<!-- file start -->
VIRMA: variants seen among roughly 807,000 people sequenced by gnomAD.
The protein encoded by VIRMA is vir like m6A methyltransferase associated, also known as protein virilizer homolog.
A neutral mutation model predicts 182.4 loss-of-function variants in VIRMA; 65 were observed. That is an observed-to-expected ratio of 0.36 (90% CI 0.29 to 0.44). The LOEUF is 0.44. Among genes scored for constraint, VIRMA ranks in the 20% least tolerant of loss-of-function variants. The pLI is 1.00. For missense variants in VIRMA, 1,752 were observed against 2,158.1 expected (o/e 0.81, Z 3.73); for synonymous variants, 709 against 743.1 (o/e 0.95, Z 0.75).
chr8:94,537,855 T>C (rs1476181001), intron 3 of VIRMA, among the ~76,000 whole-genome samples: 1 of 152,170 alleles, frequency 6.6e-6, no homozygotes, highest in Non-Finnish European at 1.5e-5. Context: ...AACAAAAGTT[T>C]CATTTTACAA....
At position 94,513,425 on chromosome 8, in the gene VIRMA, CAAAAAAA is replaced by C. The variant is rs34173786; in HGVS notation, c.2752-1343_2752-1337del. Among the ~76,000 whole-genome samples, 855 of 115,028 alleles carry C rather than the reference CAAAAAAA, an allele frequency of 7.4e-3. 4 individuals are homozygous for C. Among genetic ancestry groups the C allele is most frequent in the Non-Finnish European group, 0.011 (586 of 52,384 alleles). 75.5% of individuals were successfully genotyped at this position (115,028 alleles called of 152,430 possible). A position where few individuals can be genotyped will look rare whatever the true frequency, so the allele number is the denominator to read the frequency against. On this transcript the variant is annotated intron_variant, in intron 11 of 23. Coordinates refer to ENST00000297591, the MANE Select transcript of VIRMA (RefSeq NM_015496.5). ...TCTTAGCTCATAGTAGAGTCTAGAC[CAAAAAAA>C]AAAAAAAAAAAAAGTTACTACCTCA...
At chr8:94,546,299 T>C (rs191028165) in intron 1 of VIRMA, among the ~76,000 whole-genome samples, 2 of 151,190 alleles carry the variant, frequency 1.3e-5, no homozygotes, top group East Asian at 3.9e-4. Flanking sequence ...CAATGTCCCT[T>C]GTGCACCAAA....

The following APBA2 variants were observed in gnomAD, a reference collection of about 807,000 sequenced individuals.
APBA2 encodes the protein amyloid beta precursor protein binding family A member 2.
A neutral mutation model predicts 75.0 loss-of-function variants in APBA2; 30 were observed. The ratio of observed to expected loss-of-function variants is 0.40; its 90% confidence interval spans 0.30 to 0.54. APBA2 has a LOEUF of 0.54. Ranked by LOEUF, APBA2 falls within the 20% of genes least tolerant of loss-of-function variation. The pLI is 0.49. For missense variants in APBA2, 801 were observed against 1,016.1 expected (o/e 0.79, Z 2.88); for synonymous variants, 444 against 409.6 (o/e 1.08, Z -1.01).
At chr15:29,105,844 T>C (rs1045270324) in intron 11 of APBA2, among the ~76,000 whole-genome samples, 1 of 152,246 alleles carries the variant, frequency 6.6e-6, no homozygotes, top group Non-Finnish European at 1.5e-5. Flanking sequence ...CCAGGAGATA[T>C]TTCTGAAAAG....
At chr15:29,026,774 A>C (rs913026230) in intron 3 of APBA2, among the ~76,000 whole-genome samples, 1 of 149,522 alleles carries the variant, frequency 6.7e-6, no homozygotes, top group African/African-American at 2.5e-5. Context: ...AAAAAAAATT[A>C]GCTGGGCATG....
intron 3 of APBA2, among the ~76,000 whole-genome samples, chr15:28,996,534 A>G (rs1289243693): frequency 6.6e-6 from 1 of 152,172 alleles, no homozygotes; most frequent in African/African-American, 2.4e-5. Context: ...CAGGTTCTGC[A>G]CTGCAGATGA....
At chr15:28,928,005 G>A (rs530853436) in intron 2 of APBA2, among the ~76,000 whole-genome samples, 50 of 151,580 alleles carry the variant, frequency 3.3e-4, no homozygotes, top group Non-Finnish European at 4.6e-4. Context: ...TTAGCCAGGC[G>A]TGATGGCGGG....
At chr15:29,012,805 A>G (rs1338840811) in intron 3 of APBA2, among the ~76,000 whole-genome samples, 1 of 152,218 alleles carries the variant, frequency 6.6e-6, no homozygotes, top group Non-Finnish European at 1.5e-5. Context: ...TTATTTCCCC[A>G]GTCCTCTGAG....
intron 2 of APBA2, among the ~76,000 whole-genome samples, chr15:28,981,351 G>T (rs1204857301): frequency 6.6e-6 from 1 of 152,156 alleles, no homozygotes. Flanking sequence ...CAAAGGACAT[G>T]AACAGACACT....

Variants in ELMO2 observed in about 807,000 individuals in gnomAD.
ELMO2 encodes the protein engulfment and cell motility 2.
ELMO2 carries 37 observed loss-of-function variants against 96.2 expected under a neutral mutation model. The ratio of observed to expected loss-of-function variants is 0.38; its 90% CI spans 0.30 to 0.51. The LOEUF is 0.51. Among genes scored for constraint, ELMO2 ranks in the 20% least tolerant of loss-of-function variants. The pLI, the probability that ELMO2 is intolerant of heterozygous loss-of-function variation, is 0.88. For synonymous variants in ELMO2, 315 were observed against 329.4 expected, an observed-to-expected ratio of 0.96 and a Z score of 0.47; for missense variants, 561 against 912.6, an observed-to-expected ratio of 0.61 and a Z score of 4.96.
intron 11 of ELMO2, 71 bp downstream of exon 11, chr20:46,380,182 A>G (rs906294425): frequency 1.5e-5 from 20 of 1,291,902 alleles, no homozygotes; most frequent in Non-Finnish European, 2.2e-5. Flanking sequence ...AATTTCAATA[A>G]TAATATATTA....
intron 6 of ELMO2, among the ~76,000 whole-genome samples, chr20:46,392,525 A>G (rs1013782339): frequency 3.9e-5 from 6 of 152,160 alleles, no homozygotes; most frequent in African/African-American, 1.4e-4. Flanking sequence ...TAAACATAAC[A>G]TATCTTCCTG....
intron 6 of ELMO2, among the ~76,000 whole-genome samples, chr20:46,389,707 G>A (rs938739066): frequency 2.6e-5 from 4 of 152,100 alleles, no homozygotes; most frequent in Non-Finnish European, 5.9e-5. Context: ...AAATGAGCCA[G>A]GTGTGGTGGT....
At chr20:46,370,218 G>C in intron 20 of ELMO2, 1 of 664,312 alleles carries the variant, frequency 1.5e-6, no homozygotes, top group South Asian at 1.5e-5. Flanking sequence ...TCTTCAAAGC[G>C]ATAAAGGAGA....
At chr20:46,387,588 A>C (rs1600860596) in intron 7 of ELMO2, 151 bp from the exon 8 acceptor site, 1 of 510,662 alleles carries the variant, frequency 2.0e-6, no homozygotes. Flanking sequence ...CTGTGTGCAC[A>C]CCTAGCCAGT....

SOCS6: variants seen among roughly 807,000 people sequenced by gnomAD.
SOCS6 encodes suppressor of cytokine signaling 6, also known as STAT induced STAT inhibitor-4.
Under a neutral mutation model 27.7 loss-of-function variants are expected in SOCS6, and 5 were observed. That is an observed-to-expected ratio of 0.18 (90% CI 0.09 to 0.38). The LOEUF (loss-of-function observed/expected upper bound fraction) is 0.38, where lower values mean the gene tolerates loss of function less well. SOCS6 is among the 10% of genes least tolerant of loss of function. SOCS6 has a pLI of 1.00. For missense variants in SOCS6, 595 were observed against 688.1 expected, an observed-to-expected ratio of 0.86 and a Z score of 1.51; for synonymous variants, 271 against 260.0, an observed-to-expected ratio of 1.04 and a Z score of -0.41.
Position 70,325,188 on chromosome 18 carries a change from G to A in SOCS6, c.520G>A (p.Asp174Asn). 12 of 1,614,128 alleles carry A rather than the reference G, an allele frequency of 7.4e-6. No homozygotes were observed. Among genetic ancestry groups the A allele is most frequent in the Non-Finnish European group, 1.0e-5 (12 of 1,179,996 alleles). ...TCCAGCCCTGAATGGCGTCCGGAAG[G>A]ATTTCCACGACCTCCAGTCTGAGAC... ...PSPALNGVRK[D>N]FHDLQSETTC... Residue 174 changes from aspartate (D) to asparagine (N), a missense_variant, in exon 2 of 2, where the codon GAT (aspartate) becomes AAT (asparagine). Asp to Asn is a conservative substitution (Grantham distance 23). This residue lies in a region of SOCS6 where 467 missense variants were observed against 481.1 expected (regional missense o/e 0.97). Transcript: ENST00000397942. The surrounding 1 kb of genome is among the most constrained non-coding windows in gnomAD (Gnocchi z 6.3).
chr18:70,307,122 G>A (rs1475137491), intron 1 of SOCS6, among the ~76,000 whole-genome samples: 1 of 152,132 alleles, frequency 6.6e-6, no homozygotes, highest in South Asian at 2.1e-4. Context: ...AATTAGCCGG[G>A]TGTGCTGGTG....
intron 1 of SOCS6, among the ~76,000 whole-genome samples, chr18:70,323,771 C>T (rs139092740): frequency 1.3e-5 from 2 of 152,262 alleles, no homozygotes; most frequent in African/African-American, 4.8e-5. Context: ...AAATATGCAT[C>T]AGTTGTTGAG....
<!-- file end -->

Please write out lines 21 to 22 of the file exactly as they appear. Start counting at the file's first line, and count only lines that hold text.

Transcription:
intron 6 of ELMO2, among the ~76,000 whole-genome samples, chr20:46,389,707 G>A (rs938739066): frequency 2.6e-5 from 4 of 152,100 alleles, no homozygotes; most frequent in Non-Finnish European, 5.9e-5. Context: ...AAATGAGCCA[G>A]GTGTGGTGGT....
At chr20:46,370,218 G>C in intron 20 of ELMO2, 1 of 664,312 alleles carries the variant, frequency 1.5e-6, no homozygotes, top group South Asian at 1.5e-5. Flanking sequence ...TCTTCAAAGC[G>C]ATAAAGGAGA....